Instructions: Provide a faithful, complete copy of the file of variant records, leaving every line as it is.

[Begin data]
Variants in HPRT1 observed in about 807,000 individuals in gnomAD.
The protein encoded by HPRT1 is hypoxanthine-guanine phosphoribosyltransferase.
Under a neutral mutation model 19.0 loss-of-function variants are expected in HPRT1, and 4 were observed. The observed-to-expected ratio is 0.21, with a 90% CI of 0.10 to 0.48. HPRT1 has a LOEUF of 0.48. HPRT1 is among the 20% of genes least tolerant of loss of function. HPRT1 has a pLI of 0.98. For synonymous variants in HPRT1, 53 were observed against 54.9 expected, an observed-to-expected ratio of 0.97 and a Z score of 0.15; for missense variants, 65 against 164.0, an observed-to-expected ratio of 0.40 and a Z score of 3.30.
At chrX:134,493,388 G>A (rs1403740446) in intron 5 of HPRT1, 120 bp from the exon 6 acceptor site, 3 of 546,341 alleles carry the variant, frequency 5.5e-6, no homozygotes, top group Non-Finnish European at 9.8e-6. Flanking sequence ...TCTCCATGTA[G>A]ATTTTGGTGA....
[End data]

Variants in HPRT1 observed in about 807,000 individuals in gnomAD.
The protein encoded by HPRT1 is hypoxanthine-guanine phosphoribosyltransferase.
Under a neutral mutation model 19.0 loss-of-function variants are expected in HPRT1, and 4 were observed. The observed-to-expected ratio is 0.21, with a 90% CI of 0.10 to 0.48. HPRT1 has a LOEUF of 0.48. HPRT1 is among the 20% of genes least tolerant of loss of function. HPRT1 has a pLI of 0.98. For synonymous variants in HPRT1, 53 were observed against 54.9 expected, an observed-to-expected ratio of 0.97 and a Z score of 0.15; for missense variants, 65 against 164.0, an observed-to-expected ratio of 0.40 and a Z score of 3.30.
At chrX:134,493,388 G>A (rs1403740446) in intron 5 of HPRT1, 120 bp from the exon 6 acceptor site, 3 of 546,341 alleles carry the variant, frequency 5.5e-6, no homozygotes, top group Non-Finnish European at 9.8e-6. Flanking sequence ...TCTCCATGTA[G>A]ATTTTGGTGA....